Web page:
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Much Needs to be Done to Restore Assam Medical College Hospital to its Former Glory

A Correspondent

Dibrugarh, July 24: Not many decades ago, Assam Medical College and Hospital (AMCH) used to stand tall not just in Assam, but in the entire Eastern India. Its popularity and pocket-friendliness attracted all kinds of patients from far-flung areas. But as it happens with most good things, AMCH started losing its sheen from around the 80s decade, and has reached a pitiable state today.

Of course, the current government has shown a strong sense of commitment towards setting things right, but, having said this, things are still a far cry from expectations. First, the restoration and construction work done in AMCH under the HOPE project has ended up being a fiasco with the conditions of the infrastructure fast degenerating. That the contractors roped in under the project made quick bucks at the expense of quality has become quite apparent.
Second, the condition of the paying cabins is pathetic. Lack of maintenance coupled with a strong urge for procrastination has resulted in water leakage in many of these cabins, thus turning the walls weak from within. Also evident are cracks getting developed at many places – an open invite to trouble. Moreover, the less number of paying cabins is another cause of concern and is also something which pushes patients towards taking the services of private nursing homes. This, in turn, attracts different kinds of problems for the financially weak patients, given the expensive nature of private hospitals.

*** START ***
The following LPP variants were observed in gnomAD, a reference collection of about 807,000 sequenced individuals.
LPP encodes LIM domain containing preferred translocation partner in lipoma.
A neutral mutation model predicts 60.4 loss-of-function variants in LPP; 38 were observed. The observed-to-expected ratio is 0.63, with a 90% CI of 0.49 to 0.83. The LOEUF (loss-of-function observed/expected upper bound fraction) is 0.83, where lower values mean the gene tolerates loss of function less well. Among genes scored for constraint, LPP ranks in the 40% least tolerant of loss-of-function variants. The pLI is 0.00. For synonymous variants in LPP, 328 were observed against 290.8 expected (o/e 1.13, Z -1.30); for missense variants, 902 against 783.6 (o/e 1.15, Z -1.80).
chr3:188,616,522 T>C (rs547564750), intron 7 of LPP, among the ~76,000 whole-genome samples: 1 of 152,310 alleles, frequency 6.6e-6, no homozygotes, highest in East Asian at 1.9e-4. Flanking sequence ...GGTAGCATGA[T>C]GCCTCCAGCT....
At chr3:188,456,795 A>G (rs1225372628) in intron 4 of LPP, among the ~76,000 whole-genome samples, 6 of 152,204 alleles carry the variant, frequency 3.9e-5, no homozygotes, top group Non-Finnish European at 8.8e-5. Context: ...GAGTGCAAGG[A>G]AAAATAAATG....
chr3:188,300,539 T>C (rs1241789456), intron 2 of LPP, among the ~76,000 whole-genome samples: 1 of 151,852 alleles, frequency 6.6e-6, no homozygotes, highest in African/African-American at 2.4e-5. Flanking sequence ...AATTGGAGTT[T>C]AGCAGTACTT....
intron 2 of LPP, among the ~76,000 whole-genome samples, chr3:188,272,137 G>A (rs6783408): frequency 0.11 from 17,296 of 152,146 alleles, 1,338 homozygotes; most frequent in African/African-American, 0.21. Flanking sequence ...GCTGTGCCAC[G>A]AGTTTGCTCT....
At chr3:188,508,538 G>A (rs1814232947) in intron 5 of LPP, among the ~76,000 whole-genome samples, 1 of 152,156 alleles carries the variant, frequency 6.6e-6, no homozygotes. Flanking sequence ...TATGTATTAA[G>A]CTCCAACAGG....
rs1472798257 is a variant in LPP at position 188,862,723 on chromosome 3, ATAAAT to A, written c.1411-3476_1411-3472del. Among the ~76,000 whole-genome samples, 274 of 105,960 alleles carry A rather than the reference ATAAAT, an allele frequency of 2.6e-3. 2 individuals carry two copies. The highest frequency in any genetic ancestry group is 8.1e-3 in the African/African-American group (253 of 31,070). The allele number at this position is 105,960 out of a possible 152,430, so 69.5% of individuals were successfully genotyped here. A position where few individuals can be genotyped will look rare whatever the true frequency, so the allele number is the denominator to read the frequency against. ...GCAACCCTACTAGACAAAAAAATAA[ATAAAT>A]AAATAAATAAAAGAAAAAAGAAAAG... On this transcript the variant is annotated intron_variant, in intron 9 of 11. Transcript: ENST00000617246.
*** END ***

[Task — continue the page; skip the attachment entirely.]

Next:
As the hospital expenses of most of such patients are out-of-pocket and not backed by any health insurance, they go for a further beating at the hands of the nursing homes. The workers of 400 tea estates located in and around Dibrugarh avail the services of AMCH. But the limited number of paying cabins has added to their already distressed life. Many head back with a heavy heart in the absence of empty beds. It is in such a backdrop that the chief convenor of the Joint Action Committee of Tea Tribes Adivasi Assam (JACOTTAA), Israel Nanda recently demanded for 500 new paying cabins at AMCH to be built by the proprietors of the 400 tea estates and OIL. Nanda also alleged that OIL in the past had taken away the livelihood of many tea garden labourers in the name of oil exploration in the gardens. Therefore, the public sector company should come forward voluntarily and help in setting up such paying cabins as an act of compensation, he said.

Along with the authorities concerned, the public is to be equally blamed for the status quo of AMCH. Turning the environs unhygienic by their distasteful habits and then expecting the government to undo it in a flash will only aggravate matters at hand. Innovative campaigns by the district administration aimed at making the people conscious and responsible in this regard might prove quite beneficial.

One cannot deny that the Sonowal government is paying much heed to the development of the historical AMCH. Be it the ultra-modern buildings that are coming up within the premises or professional security guards being deployed to boost the security, signs of progress can be seen in many areas. But then again, these initiatives are not enough if the government wishes to bring back the golden days of AMCH. A lot more needs to be done in order to turn AMCH into a health centre of national repute.

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Sentinel Group